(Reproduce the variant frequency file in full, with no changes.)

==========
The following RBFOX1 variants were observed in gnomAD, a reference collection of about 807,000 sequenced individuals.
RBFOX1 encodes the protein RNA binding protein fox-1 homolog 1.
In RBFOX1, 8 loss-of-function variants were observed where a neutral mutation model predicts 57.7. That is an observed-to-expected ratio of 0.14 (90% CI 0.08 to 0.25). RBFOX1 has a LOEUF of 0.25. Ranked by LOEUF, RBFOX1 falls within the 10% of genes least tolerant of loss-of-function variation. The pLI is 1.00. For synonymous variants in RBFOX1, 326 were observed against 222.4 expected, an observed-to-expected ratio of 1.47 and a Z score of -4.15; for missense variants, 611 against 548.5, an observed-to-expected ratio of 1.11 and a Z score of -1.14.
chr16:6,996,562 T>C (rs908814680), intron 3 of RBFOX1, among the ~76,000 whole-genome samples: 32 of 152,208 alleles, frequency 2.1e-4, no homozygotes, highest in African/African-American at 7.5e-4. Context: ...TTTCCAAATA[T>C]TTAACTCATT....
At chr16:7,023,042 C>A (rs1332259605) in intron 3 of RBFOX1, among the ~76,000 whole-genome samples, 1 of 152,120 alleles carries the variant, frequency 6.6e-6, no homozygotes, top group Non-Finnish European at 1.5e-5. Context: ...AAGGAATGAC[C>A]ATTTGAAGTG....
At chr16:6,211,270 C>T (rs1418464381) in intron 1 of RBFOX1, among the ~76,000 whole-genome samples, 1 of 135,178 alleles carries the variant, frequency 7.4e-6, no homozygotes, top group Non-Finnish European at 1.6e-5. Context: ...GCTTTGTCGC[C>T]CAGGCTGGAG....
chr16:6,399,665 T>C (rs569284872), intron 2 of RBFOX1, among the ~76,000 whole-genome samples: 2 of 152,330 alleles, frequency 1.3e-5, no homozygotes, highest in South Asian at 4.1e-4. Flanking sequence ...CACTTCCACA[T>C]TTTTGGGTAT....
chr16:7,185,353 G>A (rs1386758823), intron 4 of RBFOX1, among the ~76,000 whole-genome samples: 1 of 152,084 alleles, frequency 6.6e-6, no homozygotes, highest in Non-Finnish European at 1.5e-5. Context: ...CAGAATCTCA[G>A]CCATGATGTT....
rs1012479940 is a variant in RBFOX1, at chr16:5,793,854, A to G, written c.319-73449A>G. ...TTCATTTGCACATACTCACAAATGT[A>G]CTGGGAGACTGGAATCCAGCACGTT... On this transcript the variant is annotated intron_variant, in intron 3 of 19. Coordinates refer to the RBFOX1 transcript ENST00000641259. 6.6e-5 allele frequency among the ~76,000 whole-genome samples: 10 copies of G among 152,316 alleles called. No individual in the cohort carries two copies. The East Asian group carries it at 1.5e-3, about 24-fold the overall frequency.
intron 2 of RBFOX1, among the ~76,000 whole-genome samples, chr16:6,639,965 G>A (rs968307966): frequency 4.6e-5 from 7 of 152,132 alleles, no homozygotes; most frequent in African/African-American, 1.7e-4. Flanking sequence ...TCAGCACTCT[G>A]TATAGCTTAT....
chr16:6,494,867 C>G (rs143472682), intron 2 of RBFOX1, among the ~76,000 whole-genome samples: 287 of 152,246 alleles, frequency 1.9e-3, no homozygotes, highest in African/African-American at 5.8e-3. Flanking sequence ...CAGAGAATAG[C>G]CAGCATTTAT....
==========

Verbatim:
The following RBFOX1 variants were observed in gnomAD, a reference collection of about 807,000 sequenced individuals.
RBFOX1 encodes the protein RNA binding protein fox-1 homolog 1.
In RBFOX1, 8 loss-of-function variants were observed where a neutral mutation model predicts 57.7. That is an observed-to-expected ratio of 0.14 (90% CI 0.08 to 0.25). RBFOX1 has a LOEUF of 0.25. Ranked by LOEUF, RBFOX1 falls within the 10% of genes least tolerant of loss-of-function variation. The pLI is 1.00. For synonymous variants in RBFOX1, 326 were observed against 222.4 expected, an observed-to-expected ratio of 1.47 and a Z score of -4.15; for missense variants, 611 against 548.5, an observed-to-expected ratio of 1.11 and a Z score of -1.14.
chr16:6,996,562 T>C (rs908814680), intron 3 of RBFOX1, among the ~76,000 whole-genome samples: 32 of 152,208 alleles, frequency 2.1e-4, no homozygotes, highest in African/African-American at 7.5e-4. Context: ...TTTCCAAATA[T>C]TTAACTCATT....
At chr16:7,023,042 C>A (rs1332259605) in intron 3 of RBFOX1, among the ~76,000 whole-genome samples, 1 of 152,120 alleles carries the variant, frequency 6.6e-6, no homozygotes, top group Non-Finnish European at 1.5e-5. Context: ...AAGGAATGAC[C>A]ATTTGAAGTG....
At chr16:6,211,270 C>T (rs1418464381) in intron 1 of RBFOX1, among the ~76,000 whole-genome samples, 1 of 135,178 alleles carries the variant, frequency 7.4e-6, no homozygotes, top group Non-Finnish European at 1.6e-5. Context: ...GCTTTGTCGC[C>T]CAGGCTGGAG....
chr16:6,399,665 T>C (rs569284872), intron 2 of RBFOX1, among the ~76,000 whole-genome samples: 2 of 152,330 alleles, frequency 1.3e-5, no homozygotes, highest in South Asian at 4.1e-4. Flanking sequence ...CACTTCCACA[T>C]TTTTGGGTAT....
chr16:7,185,353 G>A (rs1386758823), intron 4 of RBFOX1, among the ~76,000 whole-genome samples: 1 of 152,084 alleles, frequency 6.6e-6, no homozygotes, highest in Non-Finnish European at 1.5e-5. Context: ...CAGAATCTCA[G>A]CCATGATGTT....
rs1012479940 is a variant in RBFOX1, at chr16:5,793,854, A to G, written c.319-73449A>G. ...TTCATTTGCACATACTCACAAATGT[A>G]CTGGGAGACTGGAATCCAGCACGTT... On this transcript the variant is annotated intron_variant, in intron 3 of 19. Coordinates refer to the RBFOX1 transcript ENST00000641259. 6.6e-5 allele frequency among the ~76,000 whole-genome samples: 10 copies of G among 152,316 alleles called. No individual in the cohort carries two copies. The East Asian group carries it at 1.5e-3, about 24-fold the overall frequency.
intron 2 of RBFOX1, among the ~76,000 whole-genome samples, chr16:6,639,965 G>A (rs968307966): frequency 4.6e-5 from 7 of 152,132 alleles, no homozygotes; most frequent in African/African-American, 1.7e-4. Flanking sequence ...TCAGCACTCT[G>A]TATAGCTTAT....
chr16:6,494,867 C>G (rs143472682), intron 2 of RBFOX1, among the ~76,000 whole-genome samples: 287 of 152,246 alleles, frequency 1.9e-3, no homozygotes, highest in African/African-American at 5.8e-3. Flanking sequence ...CAGAGAATAG[C>G]CAGCATTTAT....